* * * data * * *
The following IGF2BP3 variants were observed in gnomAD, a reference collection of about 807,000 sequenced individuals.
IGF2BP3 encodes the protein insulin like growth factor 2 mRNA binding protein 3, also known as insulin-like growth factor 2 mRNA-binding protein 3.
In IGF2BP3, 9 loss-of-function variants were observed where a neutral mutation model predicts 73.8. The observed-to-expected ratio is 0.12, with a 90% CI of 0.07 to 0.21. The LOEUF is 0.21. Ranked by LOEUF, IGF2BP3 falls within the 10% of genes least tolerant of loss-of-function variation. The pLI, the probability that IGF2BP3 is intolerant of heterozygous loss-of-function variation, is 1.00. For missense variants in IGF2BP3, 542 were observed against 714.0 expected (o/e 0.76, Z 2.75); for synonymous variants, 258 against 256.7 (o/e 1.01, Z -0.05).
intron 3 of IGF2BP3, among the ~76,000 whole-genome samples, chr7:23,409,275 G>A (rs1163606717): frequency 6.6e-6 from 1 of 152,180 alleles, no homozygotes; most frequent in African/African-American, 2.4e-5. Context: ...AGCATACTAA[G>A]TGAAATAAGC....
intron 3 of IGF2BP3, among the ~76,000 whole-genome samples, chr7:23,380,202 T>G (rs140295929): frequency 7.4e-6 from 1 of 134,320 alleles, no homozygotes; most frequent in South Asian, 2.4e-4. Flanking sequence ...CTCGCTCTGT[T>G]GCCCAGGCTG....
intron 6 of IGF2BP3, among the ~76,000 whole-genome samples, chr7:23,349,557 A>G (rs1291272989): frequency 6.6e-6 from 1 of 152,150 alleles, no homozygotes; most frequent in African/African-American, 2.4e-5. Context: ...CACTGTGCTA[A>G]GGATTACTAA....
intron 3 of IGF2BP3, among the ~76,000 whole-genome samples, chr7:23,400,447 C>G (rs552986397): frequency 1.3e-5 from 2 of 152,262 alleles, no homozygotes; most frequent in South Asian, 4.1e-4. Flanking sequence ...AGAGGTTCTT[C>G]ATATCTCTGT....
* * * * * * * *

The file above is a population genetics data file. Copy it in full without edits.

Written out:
The following IGF2BP3 variants were observed in gnomAD, a reference collection of about 807,000 sequenced individuals.
IGF2BP3 encodes the protein insulin like growth factor 2 mRNA binding protein 3, also known as insulin-like growth factor 2 mRNA-binding protein 3.
In IGF2BP3, 9 loss-of-function variants were observed where a neutral mutation model predicts 73.8. The observed-to-expected ratio is 0.12, with a 90% CI of 0.07 to 0.21. The LOEUF is 0.21. Ranked by LOEUF, IGF2BP3 falls within the 10% of genes least tolerant of loss-of-function variation. The pLI, the probability that IGF2BP3 is intolerant of heterozygous loss-of-function variation, is 1.00. For missense variants in IGF2BP3, 542 were observed against 714.0 expected (o/e 0.76, Z 2.75); for synonymous variants, 258 against 256.7 (o/e 1.01, Z -0.05).
intron 3 of IGF2BP3, among the ~76,000 whole-genome samples, chr7:23,409,275 G>A (rs1163606717): frequency 6.6e-6 from 1 of 152,180 alleles, no homozygotes; most frequent in African/African-American, 2.4e-5. Context: ...AGCATACTAA[G>A]TGAAATAAGC....
intron 3 of IGF2BP3, among the ~76,000 whole-genome samples, chr7:23,380,202 T>G (rs140295929): frequency 7.4e-6 from 1 of 134,320 alleles, no homozygotes; most frequent in South Asian, 2.4e-4. Flanking sequence ...CTCGCTCTGT[T>G]GCCCAGGCTG....
intron 6 of IGF2BP3, among the ~76,000 whole-genome samples, chr7:23,349,557 A>G (rs1291272989): frequency 6.6e-6 from 1 of 152,150 alleles, no homozygotes; most frequent in African/African-American, 2.4e-5. Context: ...CACTGTGCTA[A>G]GGATTACTAA....
intron 3 of IGF2BP3, among the ~76,000 whole-genome samples, chr7:23,400,447 C>G (rs552986397): frequency 1.3e-5 from 2 of 152,262 alleles, no homozygotes; most frequent in South Asian, 4.1e-4. Flanking sequence ...AGAGGTTCTT[C>G]ATATCTCTGT....